More than 500,000 gallbladder removal procedures are performed each year, making it one of the most commonly performed surgical procedures in the United States today. Surgery to remove the gallbladder (cholecystectomy) is the most common therapy for gallbladder disorders.
The gallbladder is a small, pear-shaped sac that is located directly beneath the liver in the upper right side of the abdomen. The gallbladder's main function is to store bile, which is produced by the liver, and to release it to the small intestine to aid in digestion when food arrives. The gallbladder's function is important, but it is not an essential organ.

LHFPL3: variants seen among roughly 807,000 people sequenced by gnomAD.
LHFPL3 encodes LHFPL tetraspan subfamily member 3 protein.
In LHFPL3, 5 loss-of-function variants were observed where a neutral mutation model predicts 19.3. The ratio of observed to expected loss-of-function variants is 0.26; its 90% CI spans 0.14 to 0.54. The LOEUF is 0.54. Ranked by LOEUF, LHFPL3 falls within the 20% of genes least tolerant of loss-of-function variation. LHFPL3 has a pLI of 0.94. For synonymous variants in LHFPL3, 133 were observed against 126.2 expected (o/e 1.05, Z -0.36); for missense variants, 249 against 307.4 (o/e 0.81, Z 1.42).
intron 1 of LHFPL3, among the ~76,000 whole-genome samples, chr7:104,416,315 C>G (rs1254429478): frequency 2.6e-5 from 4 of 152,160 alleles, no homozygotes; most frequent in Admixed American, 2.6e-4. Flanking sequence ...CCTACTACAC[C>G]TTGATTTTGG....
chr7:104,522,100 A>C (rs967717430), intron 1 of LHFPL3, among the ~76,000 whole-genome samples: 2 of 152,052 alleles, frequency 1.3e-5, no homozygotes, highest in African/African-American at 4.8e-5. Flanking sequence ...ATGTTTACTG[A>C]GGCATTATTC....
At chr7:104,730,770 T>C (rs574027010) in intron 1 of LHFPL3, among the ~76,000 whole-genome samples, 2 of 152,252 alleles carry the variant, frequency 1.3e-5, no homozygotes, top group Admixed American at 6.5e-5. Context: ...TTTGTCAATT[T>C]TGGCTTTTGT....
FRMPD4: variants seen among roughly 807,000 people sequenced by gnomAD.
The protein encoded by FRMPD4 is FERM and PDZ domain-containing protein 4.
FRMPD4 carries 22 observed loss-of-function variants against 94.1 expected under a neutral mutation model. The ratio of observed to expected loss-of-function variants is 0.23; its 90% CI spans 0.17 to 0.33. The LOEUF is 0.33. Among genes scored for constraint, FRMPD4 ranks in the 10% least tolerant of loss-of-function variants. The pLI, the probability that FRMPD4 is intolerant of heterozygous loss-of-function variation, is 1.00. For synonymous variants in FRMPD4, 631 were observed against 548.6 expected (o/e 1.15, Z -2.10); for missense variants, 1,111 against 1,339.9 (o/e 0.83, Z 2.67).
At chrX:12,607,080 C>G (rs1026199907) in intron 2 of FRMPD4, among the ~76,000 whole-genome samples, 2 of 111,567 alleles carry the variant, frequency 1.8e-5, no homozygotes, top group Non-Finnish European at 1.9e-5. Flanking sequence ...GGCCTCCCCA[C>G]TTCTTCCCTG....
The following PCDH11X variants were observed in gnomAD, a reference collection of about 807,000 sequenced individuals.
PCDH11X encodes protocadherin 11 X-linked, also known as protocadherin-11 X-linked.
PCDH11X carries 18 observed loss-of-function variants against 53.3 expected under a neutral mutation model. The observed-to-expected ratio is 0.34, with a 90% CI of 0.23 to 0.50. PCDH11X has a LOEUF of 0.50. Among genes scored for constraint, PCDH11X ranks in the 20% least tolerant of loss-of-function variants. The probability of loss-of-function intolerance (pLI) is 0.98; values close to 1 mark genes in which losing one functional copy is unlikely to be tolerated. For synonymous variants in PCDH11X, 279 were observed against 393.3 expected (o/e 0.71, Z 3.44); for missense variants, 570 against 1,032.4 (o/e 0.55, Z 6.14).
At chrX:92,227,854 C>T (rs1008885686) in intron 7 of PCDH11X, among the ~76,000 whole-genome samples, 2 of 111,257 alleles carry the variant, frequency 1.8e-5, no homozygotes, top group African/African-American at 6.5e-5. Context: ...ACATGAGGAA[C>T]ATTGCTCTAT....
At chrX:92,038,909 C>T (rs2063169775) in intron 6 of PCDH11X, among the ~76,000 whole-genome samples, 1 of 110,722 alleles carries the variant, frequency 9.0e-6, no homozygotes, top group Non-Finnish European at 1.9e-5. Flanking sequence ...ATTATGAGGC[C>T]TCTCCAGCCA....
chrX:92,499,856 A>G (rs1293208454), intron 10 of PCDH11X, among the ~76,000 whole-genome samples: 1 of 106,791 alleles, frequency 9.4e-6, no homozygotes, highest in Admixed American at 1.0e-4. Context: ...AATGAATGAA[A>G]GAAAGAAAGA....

Gallstones develop when the bile becomes thickened and form "stones" commonly made up of cholesterol. Though gallstones may not cause any problems, some people experience pain caused by inflammation of the gallbladder due to the stones or due to gallstones passing into the bile ducts. This pain is usually in the right upper side of the abdomen, below the rib cage or in the middle of the stomach, and most commonly follows meals with a high fat content.
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